Robyn Ward: An Artist of Contemporary and Cartoonish Juxtapositions
As a self taught artist who hails from Belfast, Ireland, Robyn Ward ’s eye-catching creations are a contemporary mix of acrylic, oil and ink on canvas. With titles like “Summer Daze,” “Morals Check” and “Modern Marriage,” each painting explores the juxtaposing ideas of humor and tragedy found in the concepts of sexuality, drugs, money and politics depicting a lucid world against a backdrop of flawed imperfections and pressures. As his loose brush strokes flow over layered, textualized art, each of his pieces forms a lively tale told through beautifully dripping paint and graffiti style antics. They are sure to catch the eye of London’s most prolific art buyers.
A version of this exclusive interview first appeared in the pages of the 13th issue of ODDA Magazine.
How did you get your start in the industry? How has growing up in Northern Ireland influence your work?
Growing up in Belfast wasn’t easy to say the least, due to the friction and grittiness of the city.
The story of how I got into art started at school, where I was a bit rebellious. I first started developing an interest in visual arts around 13. After being expelled at 15, I became fascinated with the graffiti that covered a bridge where I used to spend my days smoking, and soon enough I became compelled to start experimenting with my own tags. The streets of Belfast made for a perfect canvas and helped define my own unique style of art. For me, the solidarity of these moments seemed so organic and beautiful. In hindsight, they probably gave me the escapism from the real world that I never knew I needed.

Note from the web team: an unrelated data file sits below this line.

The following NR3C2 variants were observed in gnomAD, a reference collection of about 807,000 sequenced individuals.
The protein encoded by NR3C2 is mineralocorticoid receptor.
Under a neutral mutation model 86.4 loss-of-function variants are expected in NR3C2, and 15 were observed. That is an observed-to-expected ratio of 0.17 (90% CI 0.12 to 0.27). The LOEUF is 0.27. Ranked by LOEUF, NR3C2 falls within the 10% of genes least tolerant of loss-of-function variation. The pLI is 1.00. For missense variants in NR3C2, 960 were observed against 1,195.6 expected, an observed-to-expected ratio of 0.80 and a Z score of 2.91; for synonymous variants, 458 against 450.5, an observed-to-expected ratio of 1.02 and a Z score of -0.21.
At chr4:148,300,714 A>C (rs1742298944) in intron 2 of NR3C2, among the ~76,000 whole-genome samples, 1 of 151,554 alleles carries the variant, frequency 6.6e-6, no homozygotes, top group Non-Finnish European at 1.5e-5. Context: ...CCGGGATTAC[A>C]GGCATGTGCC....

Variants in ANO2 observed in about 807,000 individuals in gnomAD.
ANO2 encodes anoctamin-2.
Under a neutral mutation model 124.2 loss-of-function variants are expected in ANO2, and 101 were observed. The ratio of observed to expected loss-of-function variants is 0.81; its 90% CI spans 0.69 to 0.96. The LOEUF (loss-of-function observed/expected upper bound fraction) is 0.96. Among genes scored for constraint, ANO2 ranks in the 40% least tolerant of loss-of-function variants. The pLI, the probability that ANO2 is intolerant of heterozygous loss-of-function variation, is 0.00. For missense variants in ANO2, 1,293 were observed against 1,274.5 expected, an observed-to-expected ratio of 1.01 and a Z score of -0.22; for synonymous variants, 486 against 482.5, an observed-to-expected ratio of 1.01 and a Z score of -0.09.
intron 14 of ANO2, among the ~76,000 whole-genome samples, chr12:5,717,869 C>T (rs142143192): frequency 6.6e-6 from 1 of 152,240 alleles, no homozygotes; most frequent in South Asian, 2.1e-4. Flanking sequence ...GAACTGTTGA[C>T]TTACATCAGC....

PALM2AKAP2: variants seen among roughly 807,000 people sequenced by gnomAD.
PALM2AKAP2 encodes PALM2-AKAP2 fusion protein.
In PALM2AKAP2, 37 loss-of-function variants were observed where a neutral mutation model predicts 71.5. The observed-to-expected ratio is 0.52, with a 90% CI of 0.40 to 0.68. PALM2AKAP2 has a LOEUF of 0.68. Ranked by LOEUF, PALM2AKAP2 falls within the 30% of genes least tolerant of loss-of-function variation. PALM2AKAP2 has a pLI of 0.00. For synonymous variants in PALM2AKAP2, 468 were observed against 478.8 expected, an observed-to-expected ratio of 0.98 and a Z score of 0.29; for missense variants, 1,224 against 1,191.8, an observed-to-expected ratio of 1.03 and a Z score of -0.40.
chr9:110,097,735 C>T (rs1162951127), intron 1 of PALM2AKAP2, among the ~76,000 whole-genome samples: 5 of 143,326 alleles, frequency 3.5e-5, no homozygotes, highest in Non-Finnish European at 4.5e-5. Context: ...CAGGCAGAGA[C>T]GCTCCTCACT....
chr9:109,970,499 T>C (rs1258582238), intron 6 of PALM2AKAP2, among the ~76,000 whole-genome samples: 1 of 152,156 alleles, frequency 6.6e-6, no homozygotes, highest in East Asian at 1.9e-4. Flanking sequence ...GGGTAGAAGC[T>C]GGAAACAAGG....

What attracted you to graffiti art as opposed to other art styles?
I wouldn’t say my art is necessarily graffiti. It very much comprises of mixed media. The back drops and characters are hand painted with acrylics, ink and water color and I bring elements of graffiti into play. I also sometimes incorporate oil depending on the piece. For me, it’s about creating layers and texture; I find combining these mediums enable me to do this. I aim for my artwork to look like someone has cut a piece of wall out and put a frame around it. This is also why I use wallpaper as a medium to coarse gravel on the case layer of the canvas.
List three (3) words to describe your creative style:
Mixed media, Nostalgic, socio-political/economical
Who are your idols/influences? Who or what do you turn to for inspiration:
In general, the landscape of the world and what happens on a daily basis is where I draw my inspiration. Recent historical moments can also spark a painting or a creative idea.
When it comes to other artists, I really pay attention at the more basic graffiti when I am travelling around the world. This all helps form the base and backdrop of my work.
Additionally, I draw a lot of inspiration from other artists such as Conor Harrington, a fellow Irish artist. I personally think he is one of the most gifted painters today. Another artist that inspires me is Greg Craola Simkins – his art never ceases to mesmerize me, I can get lost in his work for hours.
Where is your favorite place in London to get your creative ideas?
I really couldn’t pin this down to one specific place. I think London is the best city in the world – a true multicultural melting pot – and day to day existence here really keeps my head thinking and ticking.
I get a lot of my back-drop ideas when travelling off the beaten track. I think there is a real charm in the basic graffiti found in little towns particularly as these are often quite raw.
If you were stranded on a deserted island, what three (3) things would you like to have with you?
Surfboard, dog and cross bow